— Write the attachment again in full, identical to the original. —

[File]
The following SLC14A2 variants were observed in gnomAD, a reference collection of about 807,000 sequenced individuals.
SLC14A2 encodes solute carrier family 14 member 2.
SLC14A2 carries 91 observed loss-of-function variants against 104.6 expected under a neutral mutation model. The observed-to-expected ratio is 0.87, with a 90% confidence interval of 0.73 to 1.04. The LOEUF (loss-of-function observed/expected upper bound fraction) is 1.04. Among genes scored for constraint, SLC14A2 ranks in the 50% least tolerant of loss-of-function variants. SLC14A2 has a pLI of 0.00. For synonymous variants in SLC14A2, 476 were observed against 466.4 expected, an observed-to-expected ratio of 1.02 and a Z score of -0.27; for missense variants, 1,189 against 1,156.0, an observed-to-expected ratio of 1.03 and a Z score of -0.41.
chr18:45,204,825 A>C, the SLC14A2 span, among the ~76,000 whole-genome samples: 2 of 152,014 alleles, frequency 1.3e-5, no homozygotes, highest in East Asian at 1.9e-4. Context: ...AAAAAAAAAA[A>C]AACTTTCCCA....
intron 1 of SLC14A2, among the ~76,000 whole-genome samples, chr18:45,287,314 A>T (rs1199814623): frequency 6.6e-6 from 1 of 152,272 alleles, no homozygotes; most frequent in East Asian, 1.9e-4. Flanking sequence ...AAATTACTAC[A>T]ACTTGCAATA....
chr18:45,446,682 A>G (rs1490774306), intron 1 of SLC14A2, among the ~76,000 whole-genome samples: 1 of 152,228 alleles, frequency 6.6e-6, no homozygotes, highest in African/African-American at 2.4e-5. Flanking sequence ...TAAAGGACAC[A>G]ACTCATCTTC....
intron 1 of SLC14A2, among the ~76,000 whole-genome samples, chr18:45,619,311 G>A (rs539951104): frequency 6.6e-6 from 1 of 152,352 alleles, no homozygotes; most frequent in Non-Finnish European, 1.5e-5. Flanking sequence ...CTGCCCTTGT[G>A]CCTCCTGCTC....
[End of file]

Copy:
The following SLC14A2 variants were observed in gnomAD, a reference collection of about 807,000 sequenced individuals.
SLC14A2 encodes solute carrier family 14 member 2.
SLC14A2 carries 91 observed loss-of-function variants against 104.6 expected under a neutral mutation model. The observed-to-expected ratio is 0.87, with a 90% confidence interval of 0.73 to 1.04. The LOEUF (loss-of-function observed/expected upper bound fraction) is 1.04. Among genes scored for constraint, SLC14A2 ranks in the 50% least tolerant of loss-of-function variants. SLC14A2 has a pLI of 0.00. For synonymous variants in SLC14A2, 476 were observed against 466.4 expected, an observed-to-expected ratio of 1.02 and a Z score of -0.27; for missense variants, 1,189 against 1,156.0, an observed-to-expected ratio of 1.03 and a Z score of -0.41.
chr18:45,204,825 A>C, the SLC14A2 span, among the ~76,000 whole-genome samples: 2 of 152,014 alleles, frequency 1.3e-5, no homozygotes, highest in East Asian at 1.9e-4. Context: ...AAAAAAAAAA[A>C]AACTTTCCCA....
intron 1 of SLC14A2, among the ~76,000 whole-genome samples, chr18:45,287,314 A>T (rs1199814623): frequency 6.6e-6 from 1 of 152,272 alleles, no homozygotes; most frequent in East Asian, 1.9e-4. Flanking sequence ...AAATTACTAC[A>T]ACTTGCAATA....
chr18:45,446,682 A>G (rs1490774306), intron 1 of SLC14A2, among the ~76,000 whole-genome samples: 1 of 152,228 alleles, frequency 6.6e-6, no homozygotes, highest in African/African-American at 2.4e-5. Flanking sequence ...TAAAGGACAC[A>G]ACTCATCTTC....
intron 1 of SLC14A2, among the ~76,000 whole-genome samples, chr18:45,619,311 G>A (rs539951104): frequency 6.6e-6 from 1 of 152,352 alleles, no homozygotes; most frequent in Non-Finnish European, 1.5e-5. Flanking sequence ...CTGCCCTTGT[G>A]CCTCCTGCTC....